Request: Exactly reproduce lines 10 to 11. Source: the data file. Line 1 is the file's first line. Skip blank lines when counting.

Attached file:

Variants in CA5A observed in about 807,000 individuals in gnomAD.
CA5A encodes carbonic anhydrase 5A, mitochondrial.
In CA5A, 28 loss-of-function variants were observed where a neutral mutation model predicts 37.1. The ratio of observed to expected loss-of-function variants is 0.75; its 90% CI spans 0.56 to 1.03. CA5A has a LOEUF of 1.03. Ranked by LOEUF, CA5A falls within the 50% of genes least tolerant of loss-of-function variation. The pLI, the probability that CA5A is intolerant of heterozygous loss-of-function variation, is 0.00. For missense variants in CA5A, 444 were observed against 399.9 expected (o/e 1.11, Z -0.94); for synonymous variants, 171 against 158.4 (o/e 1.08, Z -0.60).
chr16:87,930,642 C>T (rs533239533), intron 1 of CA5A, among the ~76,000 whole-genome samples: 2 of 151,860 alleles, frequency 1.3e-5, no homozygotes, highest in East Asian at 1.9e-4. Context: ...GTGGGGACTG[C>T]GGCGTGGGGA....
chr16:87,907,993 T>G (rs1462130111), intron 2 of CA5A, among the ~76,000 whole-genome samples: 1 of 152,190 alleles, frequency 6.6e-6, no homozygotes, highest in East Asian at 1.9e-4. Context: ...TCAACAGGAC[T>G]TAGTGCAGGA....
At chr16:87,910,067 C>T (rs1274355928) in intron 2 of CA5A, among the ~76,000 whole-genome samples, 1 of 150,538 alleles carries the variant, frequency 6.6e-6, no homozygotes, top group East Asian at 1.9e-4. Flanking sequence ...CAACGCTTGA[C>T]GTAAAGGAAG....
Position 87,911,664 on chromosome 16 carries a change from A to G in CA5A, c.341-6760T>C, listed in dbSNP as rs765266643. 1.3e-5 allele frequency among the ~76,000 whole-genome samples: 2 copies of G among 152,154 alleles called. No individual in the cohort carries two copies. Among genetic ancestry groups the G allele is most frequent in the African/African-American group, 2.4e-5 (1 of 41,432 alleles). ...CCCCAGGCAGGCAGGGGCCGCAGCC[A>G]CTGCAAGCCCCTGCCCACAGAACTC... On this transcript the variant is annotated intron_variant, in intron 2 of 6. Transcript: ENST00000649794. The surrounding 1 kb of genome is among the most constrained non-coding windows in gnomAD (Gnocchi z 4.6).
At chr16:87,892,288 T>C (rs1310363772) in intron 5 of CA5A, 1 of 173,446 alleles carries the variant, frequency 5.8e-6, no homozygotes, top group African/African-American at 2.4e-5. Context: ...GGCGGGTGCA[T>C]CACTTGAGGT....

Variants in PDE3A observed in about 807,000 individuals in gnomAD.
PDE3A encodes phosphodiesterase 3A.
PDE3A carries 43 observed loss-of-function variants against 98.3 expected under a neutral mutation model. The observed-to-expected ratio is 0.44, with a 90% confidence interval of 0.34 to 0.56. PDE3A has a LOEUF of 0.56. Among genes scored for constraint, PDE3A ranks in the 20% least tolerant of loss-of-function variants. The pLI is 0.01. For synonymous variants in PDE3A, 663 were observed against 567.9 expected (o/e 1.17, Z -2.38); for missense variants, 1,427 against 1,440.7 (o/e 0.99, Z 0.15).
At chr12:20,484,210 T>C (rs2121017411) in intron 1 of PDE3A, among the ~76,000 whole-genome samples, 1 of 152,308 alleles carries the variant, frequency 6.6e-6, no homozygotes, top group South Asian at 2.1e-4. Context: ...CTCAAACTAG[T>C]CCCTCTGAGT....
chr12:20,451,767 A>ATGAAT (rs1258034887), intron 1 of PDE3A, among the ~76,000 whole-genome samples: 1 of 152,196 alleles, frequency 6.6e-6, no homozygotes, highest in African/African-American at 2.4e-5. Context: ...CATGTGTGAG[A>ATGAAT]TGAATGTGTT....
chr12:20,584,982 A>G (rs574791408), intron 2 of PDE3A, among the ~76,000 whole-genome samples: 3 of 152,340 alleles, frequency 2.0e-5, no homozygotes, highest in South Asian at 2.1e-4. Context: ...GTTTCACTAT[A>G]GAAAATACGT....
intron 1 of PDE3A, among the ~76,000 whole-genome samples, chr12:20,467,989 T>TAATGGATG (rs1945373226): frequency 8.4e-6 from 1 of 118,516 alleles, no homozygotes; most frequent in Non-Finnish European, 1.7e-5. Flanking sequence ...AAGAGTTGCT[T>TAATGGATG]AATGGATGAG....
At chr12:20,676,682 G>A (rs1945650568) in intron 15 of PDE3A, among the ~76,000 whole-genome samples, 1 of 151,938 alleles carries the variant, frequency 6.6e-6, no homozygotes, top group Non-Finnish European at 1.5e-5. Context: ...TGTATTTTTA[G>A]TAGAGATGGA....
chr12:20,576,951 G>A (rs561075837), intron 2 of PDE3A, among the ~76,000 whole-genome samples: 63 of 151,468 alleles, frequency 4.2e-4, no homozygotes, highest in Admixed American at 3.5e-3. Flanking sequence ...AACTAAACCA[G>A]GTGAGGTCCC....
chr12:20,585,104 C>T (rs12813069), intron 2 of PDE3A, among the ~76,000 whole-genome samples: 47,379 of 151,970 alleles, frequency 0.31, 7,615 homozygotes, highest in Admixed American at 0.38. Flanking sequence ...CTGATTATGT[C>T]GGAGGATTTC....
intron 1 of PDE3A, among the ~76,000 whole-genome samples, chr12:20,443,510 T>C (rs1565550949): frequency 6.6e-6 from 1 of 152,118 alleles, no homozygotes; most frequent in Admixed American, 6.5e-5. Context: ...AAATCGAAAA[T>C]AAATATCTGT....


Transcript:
PDE3A encodes phosphodiesterase 3A.
PDE3A carries 43 observed loss-of-function variants against 98.3 expected under a neutral mutation model. The observed-to-expected ratio is 0.44, with a 90% confidence interval of 0.34 to 0.56. PDE3A has a LOEUF of 0.56. Among genes scored for constraint, PDE3A ranks in the 20% least tolerant of loss-of-function variants. The pLI is 0.01. For synonymous variants in PDE3A, 663 were observed against 567.9 expected (o/e 1.17, Z -2.38); for missense variants, 1,427 against 1,440.7 (o/e 0.99, Z 0.15).